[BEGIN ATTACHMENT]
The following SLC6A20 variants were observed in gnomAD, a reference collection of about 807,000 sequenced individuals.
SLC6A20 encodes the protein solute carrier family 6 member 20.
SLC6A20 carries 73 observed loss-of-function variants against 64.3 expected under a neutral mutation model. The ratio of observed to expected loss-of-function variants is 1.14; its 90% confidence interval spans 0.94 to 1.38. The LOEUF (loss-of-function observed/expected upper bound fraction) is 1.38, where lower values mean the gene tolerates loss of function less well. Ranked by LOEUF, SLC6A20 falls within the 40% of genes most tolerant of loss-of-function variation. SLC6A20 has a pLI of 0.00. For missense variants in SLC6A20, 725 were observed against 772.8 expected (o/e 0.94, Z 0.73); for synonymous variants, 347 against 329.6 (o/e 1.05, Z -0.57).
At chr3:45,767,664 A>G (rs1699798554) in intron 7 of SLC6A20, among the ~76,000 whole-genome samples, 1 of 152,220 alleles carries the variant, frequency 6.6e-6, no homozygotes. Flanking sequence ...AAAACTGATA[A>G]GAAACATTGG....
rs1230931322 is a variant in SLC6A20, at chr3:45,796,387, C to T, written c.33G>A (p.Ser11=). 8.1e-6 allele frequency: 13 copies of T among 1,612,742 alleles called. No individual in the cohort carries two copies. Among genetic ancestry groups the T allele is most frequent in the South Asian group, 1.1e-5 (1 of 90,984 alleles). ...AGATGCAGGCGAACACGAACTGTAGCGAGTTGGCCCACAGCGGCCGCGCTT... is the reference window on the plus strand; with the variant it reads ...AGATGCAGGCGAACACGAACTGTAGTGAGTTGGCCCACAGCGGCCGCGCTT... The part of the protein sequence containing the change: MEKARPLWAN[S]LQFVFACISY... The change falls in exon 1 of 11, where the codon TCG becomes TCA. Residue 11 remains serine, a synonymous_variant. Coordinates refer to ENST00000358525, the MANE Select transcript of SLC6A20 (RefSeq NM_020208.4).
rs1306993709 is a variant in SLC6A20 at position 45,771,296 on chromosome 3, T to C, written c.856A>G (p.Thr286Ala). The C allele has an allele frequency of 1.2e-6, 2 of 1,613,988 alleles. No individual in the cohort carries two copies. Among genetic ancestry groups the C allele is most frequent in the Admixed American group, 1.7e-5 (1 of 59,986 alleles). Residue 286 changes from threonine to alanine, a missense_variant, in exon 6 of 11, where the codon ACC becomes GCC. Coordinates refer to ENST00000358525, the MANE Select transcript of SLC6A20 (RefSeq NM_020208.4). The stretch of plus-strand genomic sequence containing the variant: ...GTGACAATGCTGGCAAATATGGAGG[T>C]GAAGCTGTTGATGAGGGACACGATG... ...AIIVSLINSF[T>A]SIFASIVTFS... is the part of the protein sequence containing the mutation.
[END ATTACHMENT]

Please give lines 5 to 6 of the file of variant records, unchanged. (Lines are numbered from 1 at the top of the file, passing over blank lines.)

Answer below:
rs1230931322 is a variant in SLC6A20, at chr3:45,796,387, C to T, written c.33G>A (p.Ser11=). 8.1e-6 allele frequency: 13 copies of T among 1,612,742 alleles called. No individual in the cohort carries two copies. Among genetic ancestry groups the T allele is most frequent in the South Asian group, 1.1e-5 (1 of 90,984 alleles). ...AGATGCAGGCGAACACGAACTGTAGCGAGTTGGCCCACAGCGGCCGCGCTT... is the reference window on the plus strand; with the variant it reads ...AGATGCAGGCGAACACGAACTGTAGTGAGTTGGCCCACAGCGGCCGCGCTT... The part of the protein sequence containing the change: MEKARPLWAN[S]LQFVFACISY... The change falls in exon 1 of 11, where the codon TCG becomes TCA. Residue 11 remains serine, a synonymous_variant. Coordinates refer to ENST00000358525, the MANE Select transcript of SLC6A20 (RefSeq NM_020208.4).
rs1306993709 is a variant in SLC6A20 at position 45,771,296 on chromosome 3, T to C, written c.856A>G (p.Thr286Ala). The C allele has an allele frequency of 1.2e-6, 2 of 1,613,988 alleles. No individual in the cohort carries two copies. Among genetic ancestry groups the C allele is most frequent in the Admixed American group, 1.7e-5 (1 of 59,986 alleles). Residue 286 changes from threonine to alanine, a missense_variant, in exon 6 of 11, where the codon ACC becomes GCC. Coordinates refer to ENST00000358525, the MANE Select transcript of SLC6A20 (RefSeq NM_020208.4). The stretch of plus-strand genomic sequence containing the variant: ...GTGACAATGCTGGCAAATATGGAGG[T>C]GAAGCTGTTGATGAGGGACACGATG... ...AIIVSLINSF[T>A]SIFASIVTFS... is the part of the protein sequence containing the mutation.